How to Join the Early Retirement Stampede

There is a new social movement taking place which you probably haven’t heard about.

Increasing numbers of people, especially Millennials, are engineering their personal finances to make early retirement possible. I’m not talking about hanging it up at 60, 55, or even 50. I’m talking extreme early retirement, like 45, 40, or even 30!

I stumbled across a free app the other day at NerdWallet and started playing around with a compound interest calculator to see just how much you had to save on a monthly basis to make such incredible early retirements possible. What I discovered was amazing. To check it out, please click here. 
 
And here is the big revelation. Assuming that you started saving at the age of 20, you only need to bank $2,150 a month to reach $1 million in retirement savings by the age of 40. If you earn the country’s average wage of $60,000 a year, and you’re paying $1,000 a month in taxes, that means you only have $1,850 a month left to handle housing, health care, education, transportation, and food.

Key to becoming a savings hog is to get off the consumer spending treadmill we have all been trained to plod since birth. You don’t have to endlessly upgrade to ever larger McMansions, especially now that the SALT deductions are gone.

You don’t have to buy a new $50,000 car every three years either. Just buy a junk heap for $5,000 and run it forever. It’s amazing how much gas, insurance, maintenance, and interest payments can add up. I recommend a Toyota Corolla. They last forever.

And what is the most expensive luxury of all? Kids. Raising a child today cost a minimum of $250,000, and that assumes they don’t go to an ivy league college. I know because I have five. A lot of Millennials are downsizing to one child, or none at all, and putting that quarter-million towards their early retirement fund.

If you live here in the San Francisco Bay area, this would mean living in a cardboard box under a freeway overpass. However, an increasing number of Millennials are engaging in what I call “income/expense” arbitrage.

Earn your income in an expensive city, like San Francisco, San Jose, or New York, but live in a cheap place like Reno, NV, Charlotte, NC, or Cedar Rapids, IA. In that case, banking your $2,150 a month is a piece of cake.

Those who work online, about 25% of the bay area population now, have a particular advantage here. With a decent broadband connection, you can work anywhere.

Companies are going out of their way to facilitate this trend, requiring office attendance only on Tuesday to Thursday and permitting telecommuting on Monday and Friday. That enables distant, even interstate commutes. I have a Bay Area dentist who commutes from Santa Barbara 300 miles away every week on this schedule.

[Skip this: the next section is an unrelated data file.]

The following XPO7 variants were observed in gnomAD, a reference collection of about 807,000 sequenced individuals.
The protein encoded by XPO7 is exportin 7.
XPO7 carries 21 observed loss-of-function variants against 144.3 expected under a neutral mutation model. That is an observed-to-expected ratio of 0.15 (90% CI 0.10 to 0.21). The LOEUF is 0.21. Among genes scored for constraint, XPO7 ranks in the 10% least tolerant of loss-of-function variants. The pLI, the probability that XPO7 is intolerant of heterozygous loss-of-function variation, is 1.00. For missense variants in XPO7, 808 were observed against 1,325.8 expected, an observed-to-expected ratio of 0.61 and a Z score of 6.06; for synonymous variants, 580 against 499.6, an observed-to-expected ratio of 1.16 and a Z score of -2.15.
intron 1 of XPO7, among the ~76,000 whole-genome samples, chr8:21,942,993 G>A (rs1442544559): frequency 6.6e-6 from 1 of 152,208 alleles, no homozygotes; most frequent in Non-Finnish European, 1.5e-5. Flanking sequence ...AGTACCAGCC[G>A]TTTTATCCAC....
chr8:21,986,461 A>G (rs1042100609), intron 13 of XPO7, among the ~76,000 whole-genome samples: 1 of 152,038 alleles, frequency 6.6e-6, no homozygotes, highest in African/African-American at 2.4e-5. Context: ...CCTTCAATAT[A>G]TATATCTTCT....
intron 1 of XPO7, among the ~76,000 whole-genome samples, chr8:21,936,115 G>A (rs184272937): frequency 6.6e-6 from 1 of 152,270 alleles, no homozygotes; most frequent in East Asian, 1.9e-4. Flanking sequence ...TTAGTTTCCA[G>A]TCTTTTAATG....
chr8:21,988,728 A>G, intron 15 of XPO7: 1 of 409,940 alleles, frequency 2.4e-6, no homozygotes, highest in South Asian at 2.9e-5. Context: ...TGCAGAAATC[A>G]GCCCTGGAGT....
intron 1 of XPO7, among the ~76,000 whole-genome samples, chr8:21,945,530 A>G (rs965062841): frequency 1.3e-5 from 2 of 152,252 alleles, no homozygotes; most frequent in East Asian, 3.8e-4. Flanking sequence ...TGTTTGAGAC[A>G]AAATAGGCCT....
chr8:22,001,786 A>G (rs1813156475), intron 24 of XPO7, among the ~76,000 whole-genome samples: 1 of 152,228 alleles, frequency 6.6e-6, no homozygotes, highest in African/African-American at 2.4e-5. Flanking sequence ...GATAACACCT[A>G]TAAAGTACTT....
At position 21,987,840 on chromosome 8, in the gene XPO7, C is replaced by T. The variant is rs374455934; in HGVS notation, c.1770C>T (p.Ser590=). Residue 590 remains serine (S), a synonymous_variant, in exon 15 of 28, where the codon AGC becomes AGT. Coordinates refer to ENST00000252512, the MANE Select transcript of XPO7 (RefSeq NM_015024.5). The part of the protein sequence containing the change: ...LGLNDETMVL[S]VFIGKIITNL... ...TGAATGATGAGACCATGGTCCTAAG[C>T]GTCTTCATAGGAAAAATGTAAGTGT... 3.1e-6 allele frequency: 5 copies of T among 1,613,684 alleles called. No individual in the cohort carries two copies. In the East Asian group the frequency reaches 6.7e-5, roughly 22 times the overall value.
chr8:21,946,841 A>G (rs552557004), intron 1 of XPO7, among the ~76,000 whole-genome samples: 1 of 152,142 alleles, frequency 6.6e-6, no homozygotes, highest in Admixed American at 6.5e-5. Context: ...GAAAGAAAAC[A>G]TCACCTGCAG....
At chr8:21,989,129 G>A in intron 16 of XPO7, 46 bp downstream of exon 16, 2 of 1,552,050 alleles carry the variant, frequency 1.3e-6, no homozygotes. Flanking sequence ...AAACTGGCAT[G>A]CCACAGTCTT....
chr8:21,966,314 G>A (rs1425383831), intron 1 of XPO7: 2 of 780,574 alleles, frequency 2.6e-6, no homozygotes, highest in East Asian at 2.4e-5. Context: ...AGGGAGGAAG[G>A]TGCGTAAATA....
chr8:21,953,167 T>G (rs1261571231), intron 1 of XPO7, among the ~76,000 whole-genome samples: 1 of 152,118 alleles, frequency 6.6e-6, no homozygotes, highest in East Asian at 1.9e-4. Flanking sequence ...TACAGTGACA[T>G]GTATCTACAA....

You can even do this at an international level. A couple can live like a king in Budapest, Hungary for $1,000 a month, and in a beachfront home in Albania for $500. With that kind of overhead, early retirement becomes a realistic short-term objective.

Once you retire, you will have to live on $60,000 a year, or $5,000 a month, eminently doable in most of the country, not including your social security payments or taxes. And with national health care in the US likely over the next 20 years, healthcare costs are about to fall dramatically.

Provided you don’t pursue expensive hobbies like my retired friends, such collecting vintage cars, racing horses, joining expensive golf clubs, or flying around in private jets, you should be able to live within these modest means. How about camping? That almost free!

Of course, you can’t live on the coasts for $60,000 a year. But you can do so easily in the heartland. That explains why California and New York home prices have been dead in the water for the last two years, while the Midwest is seeing a renaissance in regional home prices at one third the cost.

You don’t have to completely retire either. Instead, you could abandon the pressure cooker that is high tech today and downgrade to a small business, open a restaurant, or turn a hobby into a full-time job. (A laid-off FedEx worker I met became a fly-fishing guide and helped me catch that 24-inch trout in Nevada).

It goes without saying that if this trend continues, there are major consequences for the economy, markets, and society that boggle the mind. Greatly higher savings rates will drive prices up and yields down on all investments.

The US birthrate is already well below the replacement rate at 2.1 per couple. Drive it lower and we could get trapped in the Japan quicksand of an ever-shrinking population. That means fewer consumers and economic stagnation. Reducing working lives from 47 to only 20 years will inevitably create worker shortages, driving up wages and inflation.

There are a few problems with the ultra-early retirement strategy. The 6% return available today with relatively low-risk investments may not be available in a year or two. That would be the result of global quantitative easing that is taking interest rates down to zero everywhere.

This is crushing the investment returns for new retirees. As a result, instead of needing $1 million to generate a $60,000 annual income, you might need $2 million or more. I have been watching this happen to retirees in Japan for nearly 30 years, where interest rates have been near zero since the 1990s.

How much do you need to save each month if you want to retire at 30? Better start banking $6,050 a month. It may be time to upgrade your sleeping bag.